Only three books this week, but two were long ones.
One Shot at Forever: A Small Town, an Unlikely Coach, and a Magical Baseball Season by Chris Ballard
Set in the late 60's and early 70's, this is the true story of a small midwestern town and it's little team that could. Like all great baseball stories, this one is about more than baseball. When a young, liberal teacher comes to Macon to teach English, he shakes up the conservative town and only ends up coaching the baseball team because no one else wants the thankless job. Lynn Sweet, never intending to hang around Macon for long, ends up making a profound difference in the lives of his students and players. Sweet is the kind of teacher we all wish we had, whose lessons extend far beyond the classroom walls. His students demonstrate that some of the lessons we need to learn, and those that stick with us the longest, can't be measured by a standardized test. Like Mike Lupica, another of my favorite sporty writers, Chris Ballard tells an engaging story that is accessible even to those of us who don't care much about sports.
The Isle of Blood by Rick Yancey The Monstrumologist, book three. When Dr. Warthrop sets off on a quest with a new apprentice to find a monster that no one has ever seen (or at least lived to tell about), Will Henry is left behind. For the first time since the death of his parents, he has a chance at a normal life. But Will Henry no longer fits in with a normal family, and despite himself, he misses Warthrop and feels that his place is wherever the doctor is. When Warthrop's assistant returns to tell Will Henry of the doctor's death, Will Henry is convinced that the man is lying. Will Henry is soon on Warthrop's trail, and then on his way to Socotra, the Isle of Blood. On the hunt for a mythical monster that kills so violently that the sky literally rains blood and then builds nests from the scattered human remains, Will Henry will need to confront the darkness in his own soul. Well-written, creepy gothic horror, suitable for adults and mature YA readers.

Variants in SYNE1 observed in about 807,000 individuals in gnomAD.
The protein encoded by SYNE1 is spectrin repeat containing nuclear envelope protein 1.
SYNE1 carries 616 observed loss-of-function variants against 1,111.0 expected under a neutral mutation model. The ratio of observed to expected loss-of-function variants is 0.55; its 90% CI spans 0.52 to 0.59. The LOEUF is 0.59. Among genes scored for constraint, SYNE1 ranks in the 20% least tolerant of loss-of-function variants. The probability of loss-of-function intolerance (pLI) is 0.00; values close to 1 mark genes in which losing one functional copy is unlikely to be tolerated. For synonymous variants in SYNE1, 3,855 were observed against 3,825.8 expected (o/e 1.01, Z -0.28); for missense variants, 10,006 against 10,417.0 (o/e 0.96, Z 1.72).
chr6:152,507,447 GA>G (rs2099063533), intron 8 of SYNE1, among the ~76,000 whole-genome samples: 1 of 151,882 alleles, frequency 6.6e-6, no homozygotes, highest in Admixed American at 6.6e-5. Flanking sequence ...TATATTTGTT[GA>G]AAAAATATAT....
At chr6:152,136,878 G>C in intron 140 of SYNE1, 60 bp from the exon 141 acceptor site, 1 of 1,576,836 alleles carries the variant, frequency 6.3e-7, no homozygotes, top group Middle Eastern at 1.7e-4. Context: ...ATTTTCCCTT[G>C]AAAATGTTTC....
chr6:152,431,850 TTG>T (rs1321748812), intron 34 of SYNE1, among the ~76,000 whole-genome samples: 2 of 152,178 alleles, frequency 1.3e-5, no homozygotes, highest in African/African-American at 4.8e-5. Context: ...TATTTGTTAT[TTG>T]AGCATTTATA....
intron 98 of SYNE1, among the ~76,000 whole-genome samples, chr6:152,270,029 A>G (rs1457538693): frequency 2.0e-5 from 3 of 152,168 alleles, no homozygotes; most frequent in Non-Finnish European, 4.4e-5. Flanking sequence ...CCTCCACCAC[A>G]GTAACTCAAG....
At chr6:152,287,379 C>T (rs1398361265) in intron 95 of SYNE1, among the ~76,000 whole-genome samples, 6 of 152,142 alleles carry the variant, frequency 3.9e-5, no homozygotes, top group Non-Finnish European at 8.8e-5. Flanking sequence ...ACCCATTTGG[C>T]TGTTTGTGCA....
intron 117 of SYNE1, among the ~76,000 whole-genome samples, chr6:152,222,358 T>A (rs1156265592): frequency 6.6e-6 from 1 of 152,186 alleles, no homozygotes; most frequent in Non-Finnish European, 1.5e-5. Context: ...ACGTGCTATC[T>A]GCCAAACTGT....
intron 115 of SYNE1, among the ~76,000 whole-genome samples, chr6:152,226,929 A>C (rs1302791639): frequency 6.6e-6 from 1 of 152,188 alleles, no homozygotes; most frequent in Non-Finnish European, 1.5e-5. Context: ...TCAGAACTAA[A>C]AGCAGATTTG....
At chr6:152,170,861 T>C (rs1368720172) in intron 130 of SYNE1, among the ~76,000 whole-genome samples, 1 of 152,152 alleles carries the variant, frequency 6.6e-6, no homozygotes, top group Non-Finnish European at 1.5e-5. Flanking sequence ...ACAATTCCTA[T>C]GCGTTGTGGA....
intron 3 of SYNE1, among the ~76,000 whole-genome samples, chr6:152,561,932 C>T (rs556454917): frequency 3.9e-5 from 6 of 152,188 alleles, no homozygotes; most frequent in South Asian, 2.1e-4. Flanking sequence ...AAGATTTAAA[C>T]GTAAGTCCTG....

The Diviners by Libba Bray The Diviners (the first in a new series, hooray!) is my favorite type of book--a blend of genres, fun to read and difficult to classify. It's a mix of fantasy, historical fiction, mystery, and suspense, with a dash of romance thrown in for good measure. Bray has painstakingly researched the Roaring Twenties and her gorgeous prose brings the period, and her characters, vividly to life.
After getting in trouble back in Ohio, Evie O'Neill's parents send her to New York to stay with her uncle. An expert in occult matters, he runs The Museum of American Folklore, Superstition, and the Occult--known by the locals as The Museum of the Creepy Crawlies. When Uncle Will is asked to help the police investigate a series of brutal, occult murders, Evie comes along for the ride. Will her ability to "read" objects help her solve the crimes or make her a victim?
Evie is not the only character with a special gift. There's also a pickpocket on a mission to find his mother, a Ziegfeld girl hiding from a dangerous past, a numbers runner with healing powers, and a museum employee who is more (and less) than he seems. Despite the supernatural elements, these characters are well-developed and realistic. The audio version is delightful, and some of the expressions that felt a bit forced when I read them were much more natural while listening.
I miss being part of a roller derby team--go RRR! My to-be-read pile of books is so tall that it poses a danger to passing pedestrians. The pile grows ever taller because I buy books everywhere. Yep, that woman piling books into a cart at the grocery store was probably me.